Lesson for today: Don't tease with bad news, lead with it. It's not fun, but at least it's manageable.

3 comments:

Rich on 12/28/06, 2:58 PM said...

Famous Last Words:

"Speculation aside, we will not have any official news on this front until the new year. In the meantime, I encourage everyone to please try to stay as focused as possible and to help your friends and colleagues at Jobster to do the same." - Jason Goldberg's employee communication memo published at Exceler8ion

dana on 12/28/06, 7:41 PM said...
This comment has been removed by the author.
Rich on 12/29/06, 8:20 AM said...

Thank you for "almost" posting last night, Dana. Incidentally, I know who you are, given only two people read it before it was removed. It's all right.

It seems to me you have it wrong though. I have nothing against your company and sincerely wish you all the very best in 2007. I hope Jason Goldberg's prediction that "six months from now, a lot of folks will look back and wonder what the hub bub was all about" is correct. Given the short attention span of the media, let alone blogsphere, he might be right, or not.

Personally, I enjoyed Jeff Tokarz's comment on Jobster's blog that addresses "pontificating about rumor," and that the "final chapter has not yet been written," with some exception. (The exception: companies cannot make blogging a part of their corporate communication plan on select sunny days.)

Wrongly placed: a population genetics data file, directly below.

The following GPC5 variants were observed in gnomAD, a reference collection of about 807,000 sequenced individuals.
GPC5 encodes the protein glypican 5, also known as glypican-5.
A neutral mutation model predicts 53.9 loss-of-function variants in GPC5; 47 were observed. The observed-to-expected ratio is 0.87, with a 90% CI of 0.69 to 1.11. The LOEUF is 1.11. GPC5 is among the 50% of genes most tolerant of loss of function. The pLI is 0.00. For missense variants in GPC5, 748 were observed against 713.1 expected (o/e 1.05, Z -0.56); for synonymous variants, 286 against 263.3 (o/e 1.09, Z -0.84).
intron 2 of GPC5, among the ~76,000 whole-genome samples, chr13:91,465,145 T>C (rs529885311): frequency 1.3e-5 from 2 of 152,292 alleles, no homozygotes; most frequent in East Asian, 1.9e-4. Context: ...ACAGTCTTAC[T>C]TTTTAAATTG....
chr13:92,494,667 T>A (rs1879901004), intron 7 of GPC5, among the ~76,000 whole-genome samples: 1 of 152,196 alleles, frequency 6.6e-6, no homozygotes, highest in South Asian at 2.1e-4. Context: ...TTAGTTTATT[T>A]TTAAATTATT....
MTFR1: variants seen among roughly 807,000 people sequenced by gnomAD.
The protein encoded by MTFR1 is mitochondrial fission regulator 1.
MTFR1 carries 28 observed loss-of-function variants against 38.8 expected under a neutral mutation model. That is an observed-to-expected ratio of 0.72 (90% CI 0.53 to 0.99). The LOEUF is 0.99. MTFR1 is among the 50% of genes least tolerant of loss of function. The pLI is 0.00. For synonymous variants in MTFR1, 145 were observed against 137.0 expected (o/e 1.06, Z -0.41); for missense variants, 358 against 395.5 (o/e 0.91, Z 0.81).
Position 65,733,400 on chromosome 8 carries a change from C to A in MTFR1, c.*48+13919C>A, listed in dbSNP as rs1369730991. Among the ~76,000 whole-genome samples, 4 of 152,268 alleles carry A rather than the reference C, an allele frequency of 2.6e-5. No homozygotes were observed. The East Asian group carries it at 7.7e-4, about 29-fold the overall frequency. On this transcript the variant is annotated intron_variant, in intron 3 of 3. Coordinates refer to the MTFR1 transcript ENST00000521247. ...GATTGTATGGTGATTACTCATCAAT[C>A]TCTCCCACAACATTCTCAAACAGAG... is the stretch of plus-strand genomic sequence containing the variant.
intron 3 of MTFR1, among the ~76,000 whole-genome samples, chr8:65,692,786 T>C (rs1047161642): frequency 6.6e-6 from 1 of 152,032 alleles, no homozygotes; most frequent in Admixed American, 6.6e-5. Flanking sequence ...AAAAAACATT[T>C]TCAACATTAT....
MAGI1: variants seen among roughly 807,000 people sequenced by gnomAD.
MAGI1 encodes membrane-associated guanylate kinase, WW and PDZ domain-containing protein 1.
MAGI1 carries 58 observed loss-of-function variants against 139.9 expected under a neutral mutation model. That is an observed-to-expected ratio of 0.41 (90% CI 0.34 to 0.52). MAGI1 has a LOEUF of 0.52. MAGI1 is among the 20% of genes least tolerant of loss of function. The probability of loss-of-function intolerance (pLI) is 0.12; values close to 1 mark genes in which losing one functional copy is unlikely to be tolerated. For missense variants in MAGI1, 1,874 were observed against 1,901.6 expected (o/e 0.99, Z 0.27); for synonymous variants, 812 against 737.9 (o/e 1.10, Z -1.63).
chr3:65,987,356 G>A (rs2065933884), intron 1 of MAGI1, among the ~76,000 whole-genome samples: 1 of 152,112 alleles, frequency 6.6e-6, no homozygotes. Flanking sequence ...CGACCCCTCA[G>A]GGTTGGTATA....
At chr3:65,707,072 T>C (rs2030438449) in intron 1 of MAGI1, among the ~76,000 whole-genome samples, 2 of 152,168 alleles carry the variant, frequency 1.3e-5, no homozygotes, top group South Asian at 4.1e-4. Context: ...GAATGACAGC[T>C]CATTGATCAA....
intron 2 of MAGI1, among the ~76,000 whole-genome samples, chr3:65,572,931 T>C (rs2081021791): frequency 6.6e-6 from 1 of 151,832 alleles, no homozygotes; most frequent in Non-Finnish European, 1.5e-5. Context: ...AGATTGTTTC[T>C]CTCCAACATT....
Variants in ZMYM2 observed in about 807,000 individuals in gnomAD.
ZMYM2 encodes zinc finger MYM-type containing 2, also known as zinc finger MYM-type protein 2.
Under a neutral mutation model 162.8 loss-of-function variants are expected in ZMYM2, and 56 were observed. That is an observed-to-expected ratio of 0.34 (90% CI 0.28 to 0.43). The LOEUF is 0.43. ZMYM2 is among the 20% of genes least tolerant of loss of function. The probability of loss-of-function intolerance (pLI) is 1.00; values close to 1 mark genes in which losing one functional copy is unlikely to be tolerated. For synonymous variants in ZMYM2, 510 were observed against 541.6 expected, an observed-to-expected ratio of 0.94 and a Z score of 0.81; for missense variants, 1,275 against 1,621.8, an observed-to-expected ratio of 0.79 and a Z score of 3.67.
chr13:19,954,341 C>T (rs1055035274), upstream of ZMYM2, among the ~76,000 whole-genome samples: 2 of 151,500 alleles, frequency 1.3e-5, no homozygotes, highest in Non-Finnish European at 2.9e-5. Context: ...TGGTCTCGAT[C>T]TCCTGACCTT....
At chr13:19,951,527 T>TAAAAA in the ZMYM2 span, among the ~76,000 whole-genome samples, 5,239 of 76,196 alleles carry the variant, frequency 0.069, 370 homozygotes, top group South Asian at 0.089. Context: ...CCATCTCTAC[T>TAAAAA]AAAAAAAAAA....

What Tokarz's comment did do, however, is to clarify my post. I do not know whether Jobster will have good or bad news to share when it finally shares it. But what I do know is strategic communication and I write about these topics, good and bad, in the hope that other companies do not make the same mistakes.

You see, it seems to me that Jobster created a living case study in communication. They didn't have to, but they did — enough so that the Seattle Times even picked up on all the blog buzz as the story (or non-story) moves into the mainstream media. My take on it is that it did not have to be that way.

Goldberg could have just kept everything under wraps until the new year. But for whatever reason, he did not. Once the news was out, he could have assured his team that there would be no layoffs at Jobster as part of the company's restructuring. But for whatever reason, probably because there will be layoffs, he did not.

Given that anyone who has read what Goldberg has written (and not talking heads as Tokraz calls them) it is a safe bet Goldberg is talking about layoffs. And given the timing these layoffs will occur, it was erroneous, at best, unsympathetic at worst, to throw it out there and expect people not to worry over the holidays.

Therein lies a second lesson: Some things are better communicated "off blogs" and that includes sensitive internal communication. To that end, the only worthwhile blog post should have been made after the fact, perhaps talking about generous severance packages, post employee placement, or something like that.

Unfortunately, Jobster, not anyone else, is solely responsible for what has become a runaway rumor because it is the one that started it. Further, you cannot claim to be an open CEO and then withhold news that only saw the light of day because you could not wait to blog about it.

Even at this point, there is still time to salvage some brand value before attacking people who helped make the company interesting to begin with. Here is to hoping they get it right before the new year.